Erwin Chemerinsky: Presumed Guilty: How the Supreme Court Empowered the Police and Subverted Civil Rights (2021, Liveright).
Joshua L Cherniss: Liberalism in Dark Times: The Liberal Ethos in the Twentieth Century (2021, Princeton University Press).
Jennet Conant: The Great Secret: The Classified World War II Disaster That Launched the War on Cancer (2020, WW Norton).
Geoff Dyer: The Last Days of Roger Federer: And Other Endings (2022, Farrar Straus and Giroux).
Erika Fatland: The Border: A Journey Around Russia Through North Korea, China, Mongolia, Kazakhstan, Azerbaijan, Georgia, Ukraine, Belarus, Lithuania, Poland, Latvia, Estonia, Finland, Norway, and the Northeast Passage (2021, Pegasus Books).
Marle Favereau: The Horde: How the Mongols Changed the World (2021, Belknap Press).
Jeffrey Frank: The Trials of Harry S Truman: The Extraordinary Presidency of an Ordinary Man, 1945-1953 (2022, Simon & Schuster).
John Ghazvinian: America and Iran: A History, 1720 to the Present (2021, Knopf).
Marie Gottschalk: Caught: The Prison State and the Lockdown of American Politics (paperback, 2016, Princeton University Press).
Jon Grinspan: The Age of Acrimony: How Americans Fought to Fix Their Democracy, 1865-1915 (2021, Bloomsbury).
Sergei Guriev/Daniel Treisman: Spin Dictators: The Changing Face of Tyranny in the 21st Century (2022, Princeton University Press).
Colin Jerolmack: Up to Heaven and Down to Hell: Fracking, Freedom, and Community in an American Town (2021, Princeton University Press).
John B Judis: The Politics of Our Time: Populism, Nationalism, Socialism (2021, Columbia Global Reports).
Robert D Kaplan: Adriatic: A Concert of Civilizations at the End of the Modern Age (2022, Random House): Amazon review: "Lazy, superficial travelogue posing as historical insight."
Michael G Laramie: King William's War: The First Contest for North America, 1689-1697 (2017, Westholme).
Roger Lowenstein: Ways and Means: Lincoln and His Cabinet and the Financing of the Civil War (2022, Penguin Press).
Bruno Maçães: History Has Begun: The Birth of a New America (2020, Oxford University Press): Portuguese geopolitics guru, based in Istanbul, previous books The Dawn of Eurasia: On the Trail of the New World Order and Belt and Road: A Chinese World Order.
David Mamet: Recessional: The Death of Free Speech and the Cost of a Free Lunch (2022, Broadside Books): Wide-ranging essay collection from a famous playwright and right-wing crank.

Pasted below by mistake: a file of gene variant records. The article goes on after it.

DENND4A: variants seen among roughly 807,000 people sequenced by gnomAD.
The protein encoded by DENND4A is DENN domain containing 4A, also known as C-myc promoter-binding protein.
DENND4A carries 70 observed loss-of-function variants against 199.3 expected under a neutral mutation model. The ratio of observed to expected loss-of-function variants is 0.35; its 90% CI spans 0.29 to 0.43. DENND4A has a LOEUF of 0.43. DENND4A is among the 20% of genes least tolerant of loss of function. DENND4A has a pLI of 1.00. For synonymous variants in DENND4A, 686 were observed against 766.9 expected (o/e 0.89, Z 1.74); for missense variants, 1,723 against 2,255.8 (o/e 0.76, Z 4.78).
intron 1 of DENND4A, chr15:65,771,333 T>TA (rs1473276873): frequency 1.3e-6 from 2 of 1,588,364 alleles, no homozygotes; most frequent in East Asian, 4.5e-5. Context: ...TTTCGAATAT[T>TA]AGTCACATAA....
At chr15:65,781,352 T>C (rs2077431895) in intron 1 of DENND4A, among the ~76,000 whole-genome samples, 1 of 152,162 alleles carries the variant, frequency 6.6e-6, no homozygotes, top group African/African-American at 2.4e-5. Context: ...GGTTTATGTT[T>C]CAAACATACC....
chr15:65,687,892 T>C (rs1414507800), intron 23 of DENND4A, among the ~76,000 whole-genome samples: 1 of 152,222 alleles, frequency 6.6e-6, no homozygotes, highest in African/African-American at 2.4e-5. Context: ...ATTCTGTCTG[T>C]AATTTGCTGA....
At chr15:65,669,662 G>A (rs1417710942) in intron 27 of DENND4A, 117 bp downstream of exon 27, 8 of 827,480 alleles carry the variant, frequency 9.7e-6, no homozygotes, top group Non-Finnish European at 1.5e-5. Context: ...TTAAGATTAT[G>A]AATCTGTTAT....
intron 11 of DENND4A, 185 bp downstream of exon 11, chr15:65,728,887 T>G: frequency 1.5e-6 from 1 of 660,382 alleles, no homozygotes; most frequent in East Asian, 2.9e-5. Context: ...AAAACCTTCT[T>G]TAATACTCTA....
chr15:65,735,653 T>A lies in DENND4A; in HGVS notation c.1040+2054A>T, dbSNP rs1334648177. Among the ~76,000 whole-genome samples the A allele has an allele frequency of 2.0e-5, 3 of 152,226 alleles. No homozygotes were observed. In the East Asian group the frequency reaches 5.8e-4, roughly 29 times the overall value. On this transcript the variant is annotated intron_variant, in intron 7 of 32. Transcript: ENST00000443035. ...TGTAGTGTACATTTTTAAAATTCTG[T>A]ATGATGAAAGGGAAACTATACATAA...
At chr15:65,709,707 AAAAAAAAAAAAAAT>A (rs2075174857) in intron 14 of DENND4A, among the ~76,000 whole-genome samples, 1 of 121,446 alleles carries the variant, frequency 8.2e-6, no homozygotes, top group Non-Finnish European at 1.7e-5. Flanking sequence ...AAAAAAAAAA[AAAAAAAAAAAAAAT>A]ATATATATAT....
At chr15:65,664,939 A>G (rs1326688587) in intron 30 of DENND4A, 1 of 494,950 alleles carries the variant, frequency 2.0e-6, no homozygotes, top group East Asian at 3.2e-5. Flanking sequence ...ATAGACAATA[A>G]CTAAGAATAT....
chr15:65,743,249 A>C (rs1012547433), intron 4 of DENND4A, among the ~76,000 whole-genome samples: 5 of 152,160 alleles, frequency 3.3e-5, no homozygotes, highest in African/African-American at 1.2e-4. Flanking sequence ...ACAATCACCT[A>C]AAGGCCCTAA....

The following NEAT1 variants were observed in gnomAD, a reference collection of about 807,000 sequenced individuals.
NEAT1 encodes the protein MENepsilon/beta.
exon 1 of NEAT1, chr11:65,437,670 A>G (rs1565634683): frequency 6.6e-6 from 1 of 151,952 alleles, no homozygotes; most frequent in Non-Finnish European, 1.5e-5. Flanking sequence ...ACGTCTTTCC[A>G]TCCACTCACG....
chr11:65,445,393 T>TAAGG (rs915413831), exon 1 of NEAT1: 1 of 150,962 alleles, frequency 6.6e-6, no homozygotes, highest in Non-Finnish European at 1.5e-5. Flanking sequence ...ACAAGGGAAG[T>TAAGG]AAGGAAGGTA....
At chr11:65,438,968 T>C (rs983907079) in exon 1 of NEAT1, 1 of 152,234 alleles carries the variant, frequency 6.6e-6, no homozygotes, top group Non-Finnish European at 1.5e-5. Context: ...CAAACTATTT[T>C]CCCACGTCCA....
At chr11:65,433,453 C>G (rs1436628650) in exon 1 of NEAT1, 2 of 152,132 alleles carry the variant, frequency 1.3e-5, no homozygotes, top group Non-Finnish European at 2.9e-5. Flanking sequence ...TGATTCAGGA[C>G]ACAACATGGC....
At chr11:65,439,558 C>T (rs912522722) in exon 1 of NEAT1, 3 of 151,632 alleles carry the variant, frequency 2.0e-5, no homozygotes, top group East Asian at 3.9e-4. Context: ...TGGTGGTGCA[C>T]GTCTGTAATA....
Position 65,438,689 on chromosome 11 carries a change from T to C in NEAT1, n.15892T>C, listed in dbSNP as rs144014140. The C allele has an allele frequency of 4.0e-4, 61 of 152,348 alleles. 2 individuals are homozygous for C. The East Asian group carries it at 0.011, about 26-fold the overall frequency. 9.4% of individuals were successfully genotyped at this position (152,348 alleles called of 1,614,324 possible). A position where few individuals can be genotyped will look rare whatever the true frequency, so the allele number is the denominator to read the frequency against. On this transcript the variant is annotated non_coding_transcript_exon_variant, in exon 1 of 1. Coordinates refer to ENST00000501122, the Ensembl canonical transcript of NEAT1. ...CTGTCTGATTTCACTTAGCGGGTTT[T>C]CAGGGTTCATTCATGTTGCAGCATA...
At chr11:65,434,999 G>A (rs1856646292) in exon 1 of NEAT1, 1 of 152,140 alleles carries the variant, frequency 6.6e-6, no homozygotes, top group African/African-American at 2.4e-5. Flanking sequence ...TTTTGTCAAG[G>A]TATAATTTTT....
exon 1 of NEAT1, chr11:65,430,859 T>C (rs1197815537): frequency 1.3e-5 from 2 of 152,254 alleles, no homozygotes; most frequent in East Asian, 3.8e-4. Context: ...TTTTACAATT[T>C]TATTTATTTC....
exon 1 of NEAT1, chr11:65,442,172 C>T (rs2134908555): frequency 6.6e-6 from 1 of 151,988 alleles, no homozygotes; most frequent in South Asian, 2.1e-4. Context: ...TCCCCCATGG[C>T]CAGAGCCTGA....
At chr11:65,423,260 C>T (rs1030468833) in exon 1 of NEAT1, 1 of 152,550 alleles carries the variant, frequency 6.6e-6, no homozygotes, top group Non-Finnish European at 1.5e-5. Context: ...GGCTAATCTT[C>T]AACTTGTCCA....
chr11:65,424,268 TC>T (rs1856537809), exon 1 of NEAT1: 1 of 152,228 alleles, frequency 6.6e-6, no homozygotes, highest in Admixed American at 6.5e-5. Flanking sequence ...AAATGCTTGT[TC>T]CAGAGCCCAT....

Mark Mazower: The Greek Revolution: 1821 and the Making of Modern Europe (2021, Penguin Press).
Douglas Murray: The War on the West (2022, Broadside). Thin-skinned, xenophobic right-winger claiming victimhood 500+ years after Columbus. Previously wrote:
Kathryn Olivarius: Necropolis: Disease, Power, and Capitalism in the Cotton Kingdom (2022, Belknap Press): On New Orleans, "where yellow fever epidemics killed as many as 150,000 people during the nineteenth century."
Reece Peck: Fox Populism: Branding Conservatism as Working Class (paperback, 2019, Cambridge University Press).
Nathaniel Philbrick: Travels With George: In Search of Washington and His Legacy (2021, Viking; paperback, 2022, Penguin Books).
Ari Rabin-Havt: The Fighting Soul: On the Road With Bernie Sanders (2022, Liveright): Deputy campaign manager for Sanders in 2020.
Martin Sandbu: The Economics of Belonging: A Radical Plan to Win Back the Left Behind and Achieve Prosperity for All (2020, Princeton University Press).
Vaclav Smil: Numbers Don't Lie: 71 Stories to Help Us Understand the Modern World (paperback, 2021, Penguin Books).
Ray Takeyh: The Last Shah: America, Iran, and the Fall of the Pahlavi Dynasty (2021, Yale University Press).
Nicholas Wapshott: Samuelson/Friedman: The Battle Over the Free Market (2021, WW Norton): Author previously wrote Keynes/Hayek: The Clash That Defined Modern Economics (2011).
Olivier Zunz: The Man Who Understood Democracy: The Life of Alexis de Tocqueville (2022, Princeton University Press).